Christina Santia, Auntie Tina's Attic
In the beginning, there were Beanie Babies. Then along came Pokémon, followed by sports collectibles, furniture, antiques and glassware. These things and more now overflow from Auntie Tina's Attic.
"I have six storage units full of items I've collected over the years," laughs Auntie Tina, also known as Christina Santia.
An antiques collector for more than 30 years, Santia says it was those wildly popular little beanbag bears that initially sent her to eBay, back in the earliest days of the auction site.
By the time the Beanie craze calmed down, Pokémon had come to the fore, and Santia had decided to make eBay a permanent outpost for selling her interesting finds. She soon began expanding her selection, at every opportunity scouring yard sales and thrift stores for potential inventory.
"I love to find treasures. I must've gotten the spark for treasure hunting from watching 'Antiques Roadshow,'" she says. "To later be able to resell things to someone else to enjoy makes them that much more special."
There's more focus on customer service and making sure that both sellers and buyers are taken care of
Time to refocus, rebuild
Santia's collections eventually outgrew her closet space, and then her garage. So she expanded Auntie Tina's Attic to a brick-and-mortar shop to give items "a place to live," she says.
After 15 years and two relocations, Santia recently closed the shop to focus purely on eBay, where the overhead is lower, the audience is broader and the traffic is more consistent.
"For a long time, in-store sales were steady. I had enough business to pay the rent and buy more stock," she says. "But when the economy got bad, people stopped coming in and buying."
eBay sales also slowed for a while, but now seem to be on the upswing after some recent policy changes within the marketplace.
"Back when I first started on eBay, it was simple and it was profitable. There were plenty of buyers for as many sellers as wanted to be there," Santia muses. "Then things got complicated and, for a while, it was hard to make any money. Now it seems like it's turning around. There's more focus on customer service and making sure that both sellers and buyers are taken care of. I've had some very nice customer service people help me resolve problems."
Though average selling prices have declined, Santia reports she's had quite a bit of success with "local pickup" sales for larger items that previously would have been showcased in the physical shop. In one recent transaction, a buyer drove nearly 100 miles to retrieve an item.
Tooled up for growth
Auntie Tina's Attic typically runs about 25 listings a week, and rings up as much as $1,200 a month in sales. Having closed the brick-and-mortar shop, Santia now hopes to gradually increase listings to 100 a week.
Santia employs a few people who photograph items, write descriptions and upload listings to Auctiva. She takes care of editing the listings before posting or scheduling them, and handles all customer correspondence and packing and shipping.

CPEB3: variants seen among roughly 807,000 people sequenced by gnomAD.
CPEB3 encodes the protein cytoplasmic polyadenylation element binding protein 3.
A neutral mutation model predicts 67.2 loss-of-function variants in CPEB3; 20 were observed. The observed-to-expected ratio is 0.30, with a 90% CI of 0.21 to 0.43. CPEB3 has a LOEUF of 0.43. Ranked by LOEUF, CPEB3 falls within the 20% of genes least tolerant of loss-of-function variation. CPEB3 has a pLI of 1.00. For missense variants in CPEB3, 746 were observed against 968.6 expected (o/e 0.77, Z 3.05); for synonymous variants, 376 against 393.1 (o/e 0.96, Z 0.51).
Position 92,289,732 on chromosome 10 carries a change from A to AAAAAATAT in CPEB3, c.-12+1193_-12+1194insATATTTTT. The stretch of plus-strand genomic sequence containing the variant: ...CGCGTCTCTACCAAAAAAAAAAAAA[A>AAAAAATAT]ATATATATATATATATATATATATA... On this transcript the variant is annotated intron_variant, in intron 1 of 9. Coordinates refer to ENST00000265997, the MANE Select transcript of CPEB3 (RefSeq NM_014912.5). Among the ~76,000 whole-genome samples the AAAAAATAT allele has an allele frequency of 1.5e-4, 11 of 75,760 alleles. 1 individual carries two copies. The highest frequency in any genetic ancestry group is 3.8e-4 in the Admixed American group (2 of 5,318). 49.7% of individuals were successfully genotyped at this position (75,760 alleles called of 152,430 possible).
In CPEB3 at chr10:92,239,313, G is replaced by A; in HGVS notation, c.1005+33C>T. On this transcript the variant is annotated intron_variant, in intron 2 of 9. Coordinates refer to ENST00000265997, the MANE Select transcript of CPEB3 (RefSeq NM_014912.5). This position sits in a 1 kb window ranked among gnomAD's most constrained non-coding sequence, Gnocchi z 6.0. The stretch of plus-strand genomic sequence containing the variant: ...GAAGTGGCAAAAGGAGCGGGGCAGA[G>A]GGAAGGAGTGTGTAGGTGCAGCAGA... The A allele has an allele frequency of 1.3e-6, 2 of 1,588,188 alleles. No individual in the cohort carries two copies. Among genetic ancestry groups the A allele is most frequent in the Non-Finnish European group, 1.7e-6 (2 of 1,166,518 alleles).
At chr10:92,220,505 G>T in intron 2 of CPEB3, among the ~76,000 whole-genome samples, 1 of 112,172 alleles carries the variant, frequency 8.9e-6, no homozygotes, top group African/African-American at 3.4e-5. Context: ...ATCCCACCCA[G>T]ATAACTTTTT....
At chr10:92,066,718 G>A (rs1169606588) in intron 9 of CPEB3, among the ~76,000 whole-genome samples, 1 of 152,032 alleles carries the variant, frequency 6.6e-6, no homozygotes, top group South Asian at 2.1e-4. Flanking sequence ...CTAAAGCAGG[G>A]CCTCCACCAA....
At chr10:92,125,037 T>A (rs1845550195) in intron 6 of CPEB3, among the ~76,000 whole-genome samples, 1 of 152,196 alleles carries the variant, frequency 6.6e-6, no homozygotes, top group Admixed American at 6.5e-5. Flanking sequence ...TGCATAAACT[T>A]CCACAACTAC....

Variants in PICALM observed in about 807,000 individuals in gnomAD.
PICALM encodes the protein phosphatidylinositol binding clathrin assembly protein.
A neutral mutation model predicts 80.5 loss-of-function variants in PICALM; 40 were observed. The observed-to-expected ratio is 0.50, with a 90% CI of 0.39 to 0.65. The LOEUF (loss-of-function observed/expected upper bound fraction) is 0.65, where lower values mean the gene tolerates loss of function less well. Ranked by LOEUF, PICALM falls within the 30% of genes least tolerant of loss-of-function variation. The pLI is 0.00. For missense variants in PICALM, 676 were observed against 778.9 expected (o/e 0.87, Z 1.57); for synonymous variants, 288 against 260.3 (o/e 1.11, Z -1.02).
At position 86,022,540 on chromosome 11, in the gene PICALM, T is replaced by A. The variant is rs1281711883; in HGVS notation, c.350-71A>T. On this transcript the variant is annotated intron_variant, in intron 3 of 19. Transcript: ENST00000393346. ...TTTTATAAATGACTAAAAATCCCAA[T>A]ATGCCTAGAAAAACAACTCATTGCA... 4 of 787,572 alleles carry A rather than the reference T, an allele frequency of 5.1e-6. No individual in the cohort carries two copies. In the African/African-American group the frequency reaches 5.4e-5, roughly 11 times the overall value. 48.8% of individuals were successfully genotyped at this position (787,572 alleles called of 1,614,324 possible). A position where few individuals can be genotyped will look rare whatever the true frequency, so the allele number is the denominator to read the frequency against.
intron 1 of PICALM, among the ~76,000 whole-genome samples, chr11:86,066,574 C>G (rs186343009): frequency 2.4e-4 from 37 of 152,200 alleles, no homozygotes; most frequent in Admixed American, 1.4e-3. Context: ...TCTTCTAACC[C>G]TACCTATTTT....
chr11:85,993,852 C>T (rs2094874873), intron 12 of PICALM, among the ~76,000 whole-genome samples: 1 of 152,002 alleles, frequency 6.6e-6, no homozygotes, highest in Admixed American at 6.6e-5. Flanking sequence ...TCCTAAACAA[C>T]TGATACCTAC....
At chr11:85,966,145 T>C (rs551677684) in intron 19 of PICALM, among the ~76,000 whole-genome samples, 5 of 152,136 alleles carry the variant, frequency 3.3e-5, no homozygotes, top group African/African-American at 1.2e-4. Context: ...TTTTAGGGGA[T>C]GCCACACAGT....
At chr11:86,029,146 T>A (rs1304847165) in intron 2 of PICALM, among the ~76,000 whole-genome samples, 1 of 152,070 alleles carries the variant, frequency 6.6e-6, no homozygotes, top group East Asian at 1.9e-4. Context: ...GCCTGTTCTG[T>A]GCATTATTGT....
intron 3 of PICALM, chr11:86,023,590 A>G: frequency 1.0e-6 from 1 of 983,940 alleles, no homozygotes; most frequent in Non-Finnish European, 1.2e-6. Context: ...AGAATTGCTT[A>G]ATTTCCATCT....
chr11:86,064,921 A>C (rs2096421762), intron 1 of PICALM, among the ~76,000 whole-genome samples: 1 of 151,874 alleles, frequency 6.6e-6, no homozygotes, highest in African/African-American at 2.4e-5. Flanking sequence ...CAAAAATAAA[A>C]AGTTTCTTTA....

"I learned not to let anybody pack for you—you lose quality control," Santia notes.
Santia began using Auctiva's eBay listing tools about two years ago so she could add professional-looking templates and additional images to her listings without tacking on fees. She adds a minimum of four images, and as many as 20, she says.
I find that Auctiva is a really good value. I don't think people realize how much you can do with the tools; there are just so many features
Santia finds that the features she regularly uses are not only convenient and save her money, but they are easy to use.
"That's the main thing for me," she remarks. "Auctiva's tools are easier to use even than the same services on eBay.
"It seems like whenever Auctiva comes out with a cool new feature, eBay will go and introduce that next. It's nice to know Auctiva is ahead of the curve," she adds.
"I find that Auctiva is a really good value. I don't think people realize how much you can do with the tools; there are just so many features," she says. "The Education articles are very helpful, and I just discovered the consignment tools—I wish I'd know about them back when I was taking consignments."
Not waiting for spring to tidy up
Santia plans to spend the summer organizing her stock to get a better handle on meeting her growth objectives.
With all those storage units brimming over, where do you begin? "Right now, we're just opening boxes and putting stuff out there in lots," she says.
"I'd like to get organized enough so that I'm putting things out seasonally," she continues. "I'm just getting my Fourth of July things organized now, a week before the holiday. My goal is to get seasonal items out at least three weeks ahead of time.
"I'm getting there," she says. "By Christmas I should have that tightened up."
Santia hopes to continue growing her eBay business and looks to other successful sellers for inspiration.
"I see these people with $20,000 a month in sales, and the seller who just logged 2 million feedbacks. That gives me hope that it can be done," she says. "If I can hire enough people to help get the local economy going, that will be awesome."